Tips and Advice on Living with Veteran Hearing Loss

3M Combat Earplugs lawsuit affect
Posted by Anne K on June 28, 2020

Hearing loss is a top concern for military veterans. In fact, it’s the #1 service-related medical issue, with more veterans suffering from hearing loss than traumatic brain injury or even PTSD.

The Issue is wide spread and it's growing. Hearing Health Foundation revealed that by 2017 nearly 3 million veterans were receiving disability benefits for tinnitus and other forms of hearing loss. According to the Centers for Disease Control (CDC), veterans suffer from severe hearing loss at a rate that’s 30 percent higher than their civilian counterparts.

Veteran Hearing Loss Can Lead to Severe Consequences

Most people who suffer from hearing loss lose their ability to hear clearly over a long period of time. It’s often a different story for veterans. Many soldiers lose their hearing or begin to suffer from tinnitus immediately after exposure to extremely loud noises caused by heavy equipment, tanks, aircraft, and gunfire. Sudden hearing loss can also happen when the eardrums are exposed to an intense blast caused by ordinance or a roadside bomb; in fact, the ears are more frequently affected by blast injuries than any other body part.

Severe, sudden hearing loss is devastating. To make matters worse, many veterans with hearing loss have difficulty understanding speech. Non-veterans rarely suffer from this complication, which is called central auditory processing disorder (CAPD), and which has a direct link to blast exposure.

Trauma that leads to hearing loss is life-changing, particularly when that loss is sudden. The consequences of veteran hearing loss aren’t only physical. Many veterans who have lost all or part of their hearing also suffer from depression and anxiety.

60 percent of veterans with tinnitus had depression, while 72 percent suffered from anxiety. Of those who participated in the study, a full 58 percent lived with both depression and anxiety.

2015 Study from the National Library of Medicine

Do You Have Hearing Loss?

If you or a loved one haven’t been diagnosed, there are some ways to recognize that a certain level of hearing loss exists.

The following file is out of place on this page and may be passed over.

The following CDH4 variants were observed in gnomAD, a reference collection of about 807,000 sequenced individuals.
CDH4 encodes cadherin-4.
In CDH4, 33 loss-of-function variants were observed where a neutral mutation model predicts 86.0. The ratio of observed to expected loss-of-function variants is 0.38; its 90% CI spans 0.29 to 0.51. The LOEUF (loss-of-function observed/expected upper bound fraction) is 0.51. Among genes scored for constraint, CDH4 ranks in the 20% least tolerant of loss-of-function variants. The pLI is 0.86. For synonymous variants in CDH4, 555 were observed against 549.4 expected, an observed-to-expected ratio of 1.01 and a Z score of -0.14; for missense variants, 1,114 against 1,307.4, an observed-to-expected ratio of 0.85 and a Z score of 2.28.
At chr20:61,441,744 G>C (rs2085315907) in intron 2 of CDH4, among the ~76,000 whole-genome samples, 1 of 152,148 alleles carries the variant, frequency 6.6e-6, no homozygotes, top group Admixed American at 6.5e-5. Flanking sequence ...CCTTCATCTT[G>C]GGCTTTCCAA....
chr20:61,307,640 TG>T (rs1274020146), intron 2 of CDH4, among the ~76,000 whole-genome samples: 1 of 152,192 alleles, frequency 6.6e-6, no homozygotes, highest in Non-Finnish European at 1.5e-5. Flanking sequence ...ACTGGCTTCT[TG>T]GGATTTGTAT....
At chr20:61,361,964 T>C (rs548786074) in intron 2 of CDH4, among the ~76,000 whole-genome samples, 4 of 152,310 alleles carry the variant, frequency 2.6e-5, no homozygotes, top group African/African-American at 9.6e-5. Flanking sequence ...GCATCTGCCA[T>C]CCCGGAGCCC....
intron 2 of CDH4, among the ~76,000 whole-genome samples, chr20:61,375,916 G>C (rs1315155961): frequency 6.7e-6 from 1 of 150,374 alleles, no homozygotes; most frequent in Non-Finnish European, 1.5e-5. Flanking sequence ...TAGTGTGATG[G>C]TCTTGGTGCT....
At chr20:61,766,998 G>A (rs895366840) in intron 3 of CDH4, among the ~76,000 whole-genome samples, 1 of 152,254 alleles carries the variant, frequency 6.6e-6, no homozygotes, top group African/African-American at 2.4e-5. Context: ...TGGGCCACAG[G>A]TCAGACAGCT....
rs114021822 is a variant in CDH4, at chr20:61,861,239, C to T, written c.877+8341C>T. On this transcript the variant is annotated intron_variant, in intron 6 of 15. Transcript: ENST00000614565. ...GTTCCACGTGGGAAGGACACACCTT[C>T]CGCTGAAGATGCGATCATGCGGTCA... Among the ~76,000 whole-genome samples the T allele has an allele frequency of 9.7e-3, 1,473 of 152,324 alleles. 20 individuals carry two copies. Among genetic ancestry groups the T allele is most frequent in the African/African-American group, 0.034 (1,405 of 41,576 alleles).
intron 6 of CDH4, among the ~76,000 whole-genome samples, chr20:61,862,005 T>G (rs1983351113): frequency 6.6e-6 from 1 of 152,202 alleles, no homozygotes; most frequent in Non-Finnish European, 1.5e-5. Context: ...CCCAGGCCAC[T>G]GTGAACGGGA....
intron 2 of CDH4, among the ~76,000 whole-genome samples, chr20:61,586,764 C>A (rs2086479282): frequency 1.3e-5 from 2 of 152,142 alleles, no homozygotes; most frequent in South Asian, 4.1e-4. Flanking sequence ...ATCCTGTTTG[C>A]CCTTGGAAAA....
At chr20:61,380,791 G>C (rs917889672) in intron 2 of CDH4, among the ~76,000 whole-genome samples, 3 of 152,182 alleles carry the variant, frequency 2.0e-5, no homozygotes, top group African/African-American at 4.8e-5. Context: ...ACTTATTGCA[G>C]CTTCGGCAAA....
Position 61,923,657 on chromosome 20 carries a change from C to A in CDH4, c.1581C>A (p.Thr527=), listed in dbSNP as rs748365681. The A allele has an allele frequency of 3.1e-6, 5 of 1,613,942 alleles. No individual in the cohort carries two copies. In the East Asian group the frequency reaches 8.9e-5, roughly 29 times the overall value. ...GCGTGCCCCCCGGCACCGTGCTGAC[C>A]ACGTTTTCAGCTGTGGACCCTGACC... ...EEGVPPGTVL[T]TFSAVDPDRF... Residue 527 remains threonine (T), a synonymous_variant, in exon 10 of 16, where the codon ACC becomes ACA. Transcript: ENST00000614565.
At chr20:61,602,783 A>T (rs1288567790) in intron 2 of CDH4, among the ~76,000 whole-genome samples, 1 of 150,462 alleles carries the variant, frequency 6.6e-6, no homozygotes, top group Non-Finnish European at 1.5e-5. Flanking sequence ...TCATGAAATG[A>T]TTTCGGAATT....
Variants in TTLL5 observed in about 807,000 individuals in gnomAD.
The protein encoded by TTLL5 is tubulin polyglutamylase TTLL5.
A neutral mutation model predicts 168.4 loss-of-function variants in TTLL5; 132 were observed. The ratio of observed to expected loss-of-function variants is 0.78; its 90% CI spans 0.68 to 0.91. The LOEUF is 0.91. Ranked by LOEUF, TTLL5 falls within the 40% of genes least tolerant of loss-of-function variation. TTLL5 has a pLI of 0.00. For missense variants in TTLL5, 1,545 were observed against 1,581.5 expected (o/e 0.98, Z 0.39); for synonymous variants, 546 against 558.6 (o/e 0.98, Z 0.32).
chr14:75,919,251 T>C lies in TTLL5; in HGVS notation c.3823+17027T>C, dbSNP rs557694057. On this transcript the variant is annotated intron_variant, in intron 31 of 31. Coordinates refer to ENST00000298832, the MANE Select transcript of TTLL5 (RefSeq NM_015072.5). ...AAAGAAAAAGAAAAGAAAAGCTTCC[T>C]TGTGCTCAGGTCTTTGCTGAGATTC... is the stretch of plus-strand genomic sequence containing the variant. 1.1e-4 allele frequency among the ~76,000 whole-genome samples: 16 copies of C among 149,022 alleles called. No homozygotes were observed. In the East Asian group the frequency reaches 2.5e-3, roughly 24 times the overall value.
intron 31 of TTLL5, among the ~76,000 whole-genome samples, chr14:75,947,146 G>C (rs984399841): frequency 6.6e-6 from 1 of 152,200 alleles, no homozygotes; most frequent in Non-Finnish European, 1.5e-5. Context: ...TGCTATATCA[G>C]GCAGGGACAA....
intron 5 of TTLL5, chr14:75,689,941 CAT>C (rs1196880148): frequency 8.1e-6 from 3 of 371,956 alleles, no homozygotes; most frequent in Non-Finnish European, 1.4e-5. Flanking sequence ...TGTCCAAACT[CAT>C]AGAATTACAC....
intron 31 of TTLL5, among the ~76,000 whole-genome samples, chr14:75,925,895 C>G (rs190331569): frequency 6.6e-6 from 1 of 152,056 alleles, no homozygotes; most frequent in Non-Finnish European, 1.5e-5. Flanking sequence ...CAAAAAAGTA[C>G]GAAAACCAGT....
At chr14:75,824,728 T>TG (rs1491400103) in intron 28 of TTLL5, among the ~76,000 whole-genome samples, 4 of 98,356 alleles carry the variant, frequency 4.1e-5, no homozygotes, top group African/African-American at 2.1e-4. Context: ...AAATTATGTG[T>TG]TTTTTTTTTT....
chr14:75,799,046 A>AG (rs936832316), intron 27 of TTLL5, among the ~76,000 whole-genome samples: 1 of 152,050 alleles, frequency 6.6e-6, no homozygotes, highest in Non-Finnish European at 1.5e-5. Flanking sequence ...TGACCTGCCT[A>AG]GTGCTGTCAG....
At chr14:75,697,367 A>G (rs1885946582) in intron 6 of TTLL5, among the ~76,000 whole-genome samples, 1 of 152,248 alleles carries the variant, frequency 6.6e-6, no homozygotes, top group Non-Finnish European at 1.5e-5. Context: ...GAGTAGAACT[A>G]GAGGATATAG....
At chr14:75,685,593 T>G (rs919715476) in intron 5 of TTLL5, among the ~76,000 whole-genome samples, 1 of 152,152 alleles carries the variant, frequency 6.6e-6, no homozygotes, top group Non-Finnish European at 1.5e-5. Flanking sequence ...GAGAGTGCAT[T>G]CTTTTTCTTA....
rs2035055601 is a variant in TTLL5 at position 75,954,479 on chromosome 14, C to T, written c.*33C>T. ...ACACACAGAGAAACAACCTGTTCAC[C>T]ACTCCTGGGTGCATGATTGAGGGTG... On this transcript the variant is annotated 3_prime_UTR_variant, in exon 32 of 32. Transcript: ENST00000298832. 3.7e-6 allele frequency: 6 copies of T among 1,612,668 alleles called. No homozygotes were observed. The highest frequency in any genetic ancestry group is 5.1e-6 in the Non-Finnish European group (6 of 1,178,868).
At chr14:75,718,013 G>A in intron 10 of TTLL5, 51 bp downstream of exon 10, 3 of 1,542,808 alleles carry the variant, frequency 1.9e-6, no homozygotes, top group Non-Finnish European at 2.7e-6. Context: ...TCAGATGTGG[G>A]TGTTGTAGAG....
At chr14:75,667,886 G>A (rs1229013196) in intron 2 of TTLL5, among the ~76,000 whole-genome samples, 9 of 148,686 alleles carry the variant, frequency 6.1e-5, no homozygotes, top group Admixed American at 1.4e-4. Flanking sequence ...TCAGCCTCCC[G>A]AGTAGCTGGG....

• You or your loved one might have sudden difficulty understanding what people are saying, even if you can hear the
  • It might be difficult to hear when speaking on the telephone.
  • Tinnitus – a constant buzzing or ringing in the ears – might never let up, making it very difficult to relax or hear the sounds you’re accustomed to.
  • You might feel as if your ears are full of water, or even sense more pressure and fullness as if you’re submerged.
  • It can be difficult to follow conversations when there’s background noise, i.e. while dining in a restaurant.
  • You might misunderstand what others say, or you may often ask people to repeat themselves. You might feel as if everyone is mumbling.
  • Veterans with hearing loss may need to turn the volume up to very high levels when watching TV or listening to music, making it difficult to enjoy common pastimes with others.

Hearing Loss

Tips for Living with Hearing Loss

If you have tinnitus, you might find that a fan, air conditioner, or white noise machine will help mask the ringing in your ears and allow you to relax. Earplugs can help you function better in loud places, and avoiding triggers such as spicy food, excess salt, lots of caffeine, and alcohol might help, too.
In addition, you may benefit from Tinnitus Retraining Therapy (TRT), which can help you cope by masking the amount of noise that makes its way to your brain while simultaneously teaching you to reclassify tinnitus as a neutral sound rather than a disruption.
If you’re living with hearing loss, there are steps you can take to make it easier to understand. Consider some of the following strategies:
Look at others when they’re speaking; body language and facial expressions can help you understand what’s being said.
Keep outside noise to a minimum when conversing. Let others know about your hearing loss and ask them to look at you while they’re speaking. When you’re eating in a restaurant, ask for a quiet table so that you can be part of the conversation. Many veterans have benefited from cochlear implants, which can be an alternative to traditional hearing aids.

Help for Veterans with Hearing Loss

U.S. Department of Veterans Affairs offers disability compensation for hearing loss that is related to noise exposure that occurred during military service. In addition, it is possible to receive hearing aids and audiology services through the VA.
Additional help is available. Besides VA assistance for hearing loss, some veterans may receive support through the Hearing Health Foundation, the Hearing Loss Association of America, and other organizations. help, too.

US Army

The 3M Earplug Lawsuit May Affect You or Your Loved One

While hearing loss is already a common issue for veterans, faulty earplugs may have increased the potential for devastating hearing loss for thousands of people who served in the military. .A judge recently released internal documents that revealed 3M was aware that Version 2 Combat earplugs were defective while continuing to sell them to the military between 2003 and 2015. In fact, the company was aware of the defect in 2000, before placing U.S. service members at an even greater risk of hearing loss.

Veterans who used 3M combat earplugs, Version 2, may be able to join the 3M earplug lawsuit. So far, more than 140,000 veterans have come forward in an effort to hold 3M accountable.

If you believe that your hearing loss or tinnitus was caused by 3M’s disregard and gross negligence in selling Combat Earplugs, Version 2 to the U.S. military, you can learn more about the 3M lawsuit and who is eligible to participate here.

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